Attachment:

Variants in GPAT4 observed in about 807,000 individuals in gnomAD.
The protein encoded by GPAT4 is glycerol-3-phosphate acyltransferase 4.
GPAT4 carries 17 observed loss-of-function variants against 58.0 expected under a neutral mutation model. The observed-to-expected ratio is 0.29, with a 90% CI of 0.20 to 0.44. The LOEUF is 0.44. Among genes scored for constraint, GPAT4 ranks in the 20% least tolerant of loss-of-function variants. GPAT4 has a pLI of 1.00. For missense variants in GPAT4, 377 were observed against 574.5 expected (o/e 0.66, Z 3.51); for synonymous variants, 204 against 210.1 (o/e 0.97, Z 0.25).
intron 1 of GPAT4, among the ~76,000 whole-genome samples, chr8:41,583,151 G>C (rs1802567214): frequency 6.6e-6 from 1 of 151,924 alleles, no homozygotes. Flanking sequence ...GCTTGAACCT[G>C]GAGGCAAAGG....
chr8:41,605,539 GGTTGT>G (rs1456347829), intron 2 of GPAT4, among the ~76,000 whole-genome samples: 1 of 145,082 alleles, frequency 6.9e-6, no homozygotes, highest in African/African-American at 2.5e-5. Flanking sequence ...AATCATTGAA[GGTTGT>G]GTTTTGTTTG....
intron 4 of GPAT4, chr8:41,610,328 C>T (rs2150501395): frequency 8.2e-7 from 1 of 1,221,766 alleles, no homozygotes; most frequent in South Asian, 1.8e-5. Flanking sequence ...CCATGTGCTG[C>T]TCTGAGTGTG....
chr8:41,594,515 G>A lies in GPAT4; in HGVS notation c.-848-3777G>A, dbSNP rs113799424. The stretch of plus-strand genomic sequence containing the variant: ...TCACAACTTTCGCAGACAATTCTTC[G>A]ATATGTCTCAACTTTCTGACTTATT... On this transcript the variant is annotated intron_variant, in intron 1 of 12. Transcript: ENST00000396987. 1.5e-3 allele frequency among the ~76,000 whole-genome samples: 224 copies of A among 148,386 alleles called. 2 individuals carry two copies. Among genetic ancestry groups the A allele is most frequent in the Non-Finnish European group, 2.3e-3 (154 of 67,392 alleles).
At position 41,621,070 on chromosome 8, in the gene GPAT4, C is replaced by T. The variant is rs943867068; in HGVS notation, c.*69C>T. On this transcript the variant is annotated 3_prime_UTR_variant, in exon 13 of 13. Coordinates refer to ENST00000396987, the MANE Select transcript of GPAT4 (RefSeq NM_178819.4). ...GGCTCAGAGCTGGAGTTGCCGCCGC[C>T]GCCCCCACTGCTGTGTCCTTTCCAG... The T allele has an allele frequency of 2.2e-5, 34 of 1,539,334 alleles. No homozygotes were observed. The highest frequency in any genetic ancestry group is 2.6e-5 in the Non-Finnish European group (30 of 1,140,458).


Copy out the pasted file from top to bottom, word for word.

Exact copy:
Variants in GPAT4 observed in about 807,000 individuals in gnomAD.
The protein encoded by GPAT4 is glycerol-3-phosphate acyltransferase 4.
GPAT4 carries 17 observed loss-of-function variants against 58.0 expected under a neutral mutation model. The observed-to-expected ratio is 0.29, with a 90% CI of 0.20 to 0.44. The LOEUF is 0.44. Among genes scored for constraint, GPAT4 ranks in the 20% least tolerant of loss-of-function variants. GPAT4 has a pLI of 1.00. For missense variants in GPAT4, 377 were observed against 574.5 expected (o/e 0.66, Z 3.51); for synonymous variants, 204 against 210.1 (o/e 0.97, Z 0.25).
intron 1 of GPAT4, among the ~76,000 whole-genome samples, chr8:41,583,151 G>C (rs1802567214): frequency 6.6e-6 from 1 of 151,924 alleles, no homozygotes. Flanking sequence ...GCTTGAACCT[G>C]GAGGCAAAGG....
chr8:41,605,539 GGTTGT>G (rs1456347829), intron 2 of GPAT4, among the ~76,000 whole-genome samples: 1 of 145,082 alleles, frequency 6.9e-6, no homozygotes, highest in African/African-American at 2.5e-5. Flanking sequence ...AATCATTGAA[GGTTGT>G]GTTTTGTTTG....
intron 4 of GPAT4, chr8:41,610,328 C>T (rs2150501395): frequency 8.2e-7 from 1 of 1,221,766 alleles, no homozygotes; most frequent in South Asian, 1.8e-5. Flanking sequence ...CCATGTGCTG[C>T]TCTGAGTGTG....
chr8:41,594,515 G>A lies in GPAT4; in HGVS notation c.-848-3777G>A, dbSNP rs113799424. The stretch of plus-strand genomic sequence containing the variant: ...TCACAACTTTCGCAGACAATTCTTC[G>A]ATATGTCTCAACTTTCTGACTTATT... On this transcript the variant is annotated intron_variant, in intron 1 of 12. Transcript: ENST00000396987. 1.5e-3 allele frequency among the ~76,000 whole-genome samples: 224 copies of A among 148,386 alleles called. 2 individuals carry two copies. Among genetic ancestry groups the A allele is most frequent in the Non-Finnish European group, 2.3e-3 (154 of 67,392 alleles).
At position 41,621,070 on chromosome 8, in the gene GPAT4, C is replaced by T. The variant is rs943867068; in HGVS notation, c.*69C>T. On this transcript the variant is annotated 3_prime_UTR_variant, in exon 13 of 13. Coordinates refer to ENST00000396987, the MANE Select transcript of GPAT4 (RefSeq NM_178819.4). ...GGCTCAGAGCTGGAGTTGCCGCCGC[C>T]GCCCCCACTGCTGTGTCCTTTCCAG... The T allele has an allele frequency of 2.2e-5, 34 of 1,539,334 alleles. No homozygotes were observed. The highest frequency in any genetic ancestry group is 2.6e-5 in the Non-Finnish European group (30 of 1,140,458).